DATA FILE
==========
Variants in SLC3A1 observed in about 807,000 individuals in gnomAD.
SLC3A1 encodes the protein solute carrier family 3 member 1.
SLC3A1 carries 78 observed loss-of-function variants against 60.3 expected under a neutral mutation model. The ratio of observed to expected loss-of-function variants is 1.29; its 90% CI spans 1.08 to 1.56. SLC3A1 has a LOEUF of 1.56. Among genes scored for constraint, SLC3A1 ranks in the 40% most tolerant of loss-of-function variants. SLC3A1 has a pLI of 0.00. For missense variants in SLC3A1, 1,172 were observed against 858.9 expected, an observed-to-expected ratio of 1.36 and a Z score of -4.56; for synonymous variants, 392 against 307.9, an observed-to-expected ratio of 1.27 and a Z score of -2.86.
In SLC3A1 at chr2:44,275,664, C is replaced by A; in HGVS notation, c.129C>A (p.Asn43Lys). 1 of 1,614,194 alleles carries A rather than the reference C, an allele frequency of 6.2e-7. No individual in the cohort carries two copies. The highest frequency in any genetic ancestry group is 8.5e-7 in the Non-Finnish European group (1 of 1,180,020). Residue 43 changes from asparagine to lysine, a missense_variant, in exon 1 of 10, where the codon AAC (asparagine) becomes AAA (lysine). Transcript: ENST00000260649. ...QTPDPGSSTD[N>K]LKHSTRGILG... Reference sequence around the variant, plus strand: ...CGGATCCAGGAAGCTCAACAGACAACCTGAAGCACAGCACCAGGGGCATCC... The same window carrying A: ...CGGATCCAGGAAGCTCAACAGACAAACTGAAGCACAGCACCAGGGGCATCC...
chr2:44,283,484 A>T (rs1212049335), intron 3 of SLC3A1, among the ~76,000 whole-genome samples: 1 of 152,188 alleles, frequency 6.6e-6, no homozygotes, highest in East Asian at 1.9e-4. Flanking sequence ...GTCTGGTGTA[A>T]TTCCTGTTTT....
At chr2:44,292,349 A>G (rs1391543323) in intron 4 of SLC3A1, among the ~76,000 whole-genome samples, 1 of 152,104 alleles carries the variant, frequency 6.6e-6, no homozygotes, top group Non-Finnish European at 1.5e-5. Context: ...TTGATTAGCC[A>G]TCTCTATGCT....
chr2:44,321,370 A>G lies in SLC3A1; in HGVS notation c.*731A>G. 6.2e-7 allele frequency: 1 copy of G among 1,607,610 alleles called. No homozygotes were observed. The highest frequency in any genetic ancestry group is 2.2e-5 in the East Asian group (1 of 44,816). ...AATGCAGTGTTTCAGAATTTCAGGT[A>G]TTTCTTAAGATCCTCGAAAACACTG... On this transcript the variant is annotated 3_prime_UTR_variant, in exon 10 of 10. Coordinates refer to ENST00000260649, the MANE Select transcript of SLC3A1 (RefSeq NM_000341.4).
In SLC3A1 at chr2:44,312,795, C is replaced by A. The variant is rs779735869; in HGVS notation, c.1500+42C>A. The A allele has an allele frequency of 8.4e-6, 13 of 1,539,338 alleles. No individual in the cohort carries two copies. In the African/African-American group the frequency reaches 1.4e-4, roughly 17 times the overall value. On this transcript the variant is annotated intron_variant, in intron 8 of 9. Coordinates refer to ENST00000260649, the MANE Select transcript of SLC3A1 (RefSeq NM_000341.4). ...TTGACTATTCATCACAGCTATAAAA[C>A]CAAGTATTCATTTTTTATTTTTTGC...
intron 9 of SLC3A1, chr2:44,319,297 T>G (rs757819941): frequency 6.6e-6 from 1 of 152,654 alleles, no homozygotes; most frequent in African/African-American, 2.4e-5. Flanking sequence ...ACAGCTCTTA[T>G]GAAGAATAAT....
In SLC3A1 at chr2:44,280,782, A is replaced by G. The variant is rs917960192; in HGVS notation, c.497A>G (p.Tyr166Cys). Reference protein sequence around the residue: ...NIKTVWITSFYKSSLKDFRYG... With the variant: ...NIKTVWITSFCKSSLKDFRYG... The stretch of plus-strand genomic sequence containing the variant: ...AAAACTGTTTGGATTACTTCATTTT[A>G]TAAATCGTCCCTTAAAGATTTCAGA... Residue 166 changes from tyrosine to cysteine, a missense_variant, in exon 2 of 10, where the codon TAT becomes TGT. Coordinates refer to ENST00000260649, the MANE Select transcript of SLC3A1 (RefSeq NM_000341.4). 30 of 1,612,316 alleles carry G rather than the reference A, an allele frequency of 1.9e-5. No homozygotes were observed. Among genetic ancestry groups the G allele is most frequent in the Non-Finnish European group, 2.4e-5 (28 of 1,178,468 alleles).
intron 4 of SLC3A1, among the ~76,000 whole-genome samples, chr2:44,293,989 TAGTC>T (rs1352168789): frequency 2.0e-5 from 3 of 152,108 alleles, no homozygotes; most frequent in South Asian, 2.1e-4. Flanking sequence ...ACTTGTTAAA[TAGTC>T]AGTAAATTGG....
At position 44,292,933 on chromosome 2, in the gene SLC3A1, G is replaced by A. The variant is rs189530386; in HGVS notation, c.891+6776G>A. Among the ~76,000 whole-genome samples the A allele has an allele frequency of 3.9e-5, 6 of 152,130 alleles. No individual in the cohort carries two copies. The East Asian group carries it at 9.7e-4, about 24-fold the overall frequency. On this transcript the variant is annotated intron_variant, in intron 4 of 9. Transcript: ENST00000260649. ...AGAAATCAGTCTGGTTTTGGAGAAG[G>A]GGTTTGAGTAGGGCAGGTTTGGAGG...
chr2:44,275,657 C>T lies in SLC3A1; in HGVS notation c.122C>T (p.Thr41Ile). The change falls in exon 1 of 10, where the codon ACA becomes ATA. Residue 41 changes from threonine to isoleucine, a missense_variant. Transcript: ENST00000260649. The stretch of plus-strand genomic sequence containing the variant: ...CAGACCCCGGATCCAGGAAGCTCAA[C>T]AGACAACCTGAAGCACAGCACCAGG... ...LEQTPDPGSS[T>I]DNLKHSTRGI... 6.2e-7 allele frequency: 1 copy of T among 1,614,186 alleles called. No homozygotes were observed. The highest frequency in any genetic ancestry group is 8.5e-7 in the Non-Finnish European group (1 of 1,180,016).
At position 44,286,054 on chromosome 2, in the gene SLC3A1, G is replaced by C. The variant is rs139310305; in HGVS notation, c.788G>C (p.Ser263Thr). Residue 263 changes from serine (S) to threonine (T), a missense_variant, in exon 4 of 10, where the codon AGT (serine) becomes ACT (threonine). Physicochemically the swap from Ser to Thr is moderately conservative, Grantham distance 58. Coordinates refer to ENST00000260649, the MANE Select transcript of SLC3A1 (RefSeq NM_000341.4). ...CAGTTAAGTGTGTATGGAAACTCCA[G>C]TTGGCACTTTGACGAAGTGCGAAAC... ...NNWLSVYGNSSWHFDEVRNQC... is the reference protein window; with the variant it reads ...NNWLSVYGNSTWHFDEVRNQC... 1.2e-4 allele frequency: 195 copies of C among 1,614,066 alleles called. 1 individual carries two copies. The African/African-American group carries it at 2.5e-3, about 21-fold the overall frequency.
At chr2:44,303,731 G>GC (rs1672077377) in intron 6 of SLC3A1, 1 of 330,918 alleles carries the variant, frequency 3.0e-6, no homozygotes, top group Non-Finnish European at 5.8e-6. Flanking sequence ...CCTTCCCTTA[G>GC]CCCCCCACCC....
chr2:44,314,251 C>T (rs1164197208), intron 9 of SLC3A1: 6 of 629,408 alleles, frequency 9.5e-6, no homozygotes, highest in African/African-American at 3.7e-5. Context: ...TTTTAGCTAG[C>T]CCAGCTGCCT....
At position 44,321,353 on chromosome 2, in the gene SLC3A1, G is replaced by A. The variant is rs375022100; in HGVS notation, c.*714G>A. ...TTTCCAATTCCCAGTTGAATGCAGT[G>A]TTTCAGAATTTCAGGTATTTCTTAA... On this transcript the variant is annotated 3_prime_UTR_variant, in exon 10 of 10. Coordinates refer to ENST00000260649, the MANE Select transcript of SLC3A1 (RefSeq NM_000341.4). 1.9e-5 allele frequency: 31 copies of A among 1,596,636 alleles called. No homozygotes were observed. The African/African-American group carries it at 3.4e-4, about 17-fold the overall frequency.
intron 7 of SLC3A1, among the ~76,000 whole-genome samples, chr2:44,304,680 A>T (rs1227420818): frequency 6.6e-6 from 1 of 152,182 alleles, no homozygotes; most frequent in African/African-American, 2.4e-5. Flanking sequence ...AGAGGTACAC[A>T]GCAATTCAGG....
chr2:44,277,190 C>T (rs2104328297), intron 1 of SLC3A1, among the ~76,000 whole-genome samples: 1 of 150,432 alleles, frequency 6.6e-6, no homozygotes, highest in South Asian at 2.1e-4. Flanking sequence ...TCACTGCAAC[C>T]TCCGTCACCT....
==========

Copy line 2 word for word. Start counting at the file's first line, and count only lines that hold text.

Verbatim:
SLC3A1 encodes the protein solute carrier family 3 member 1.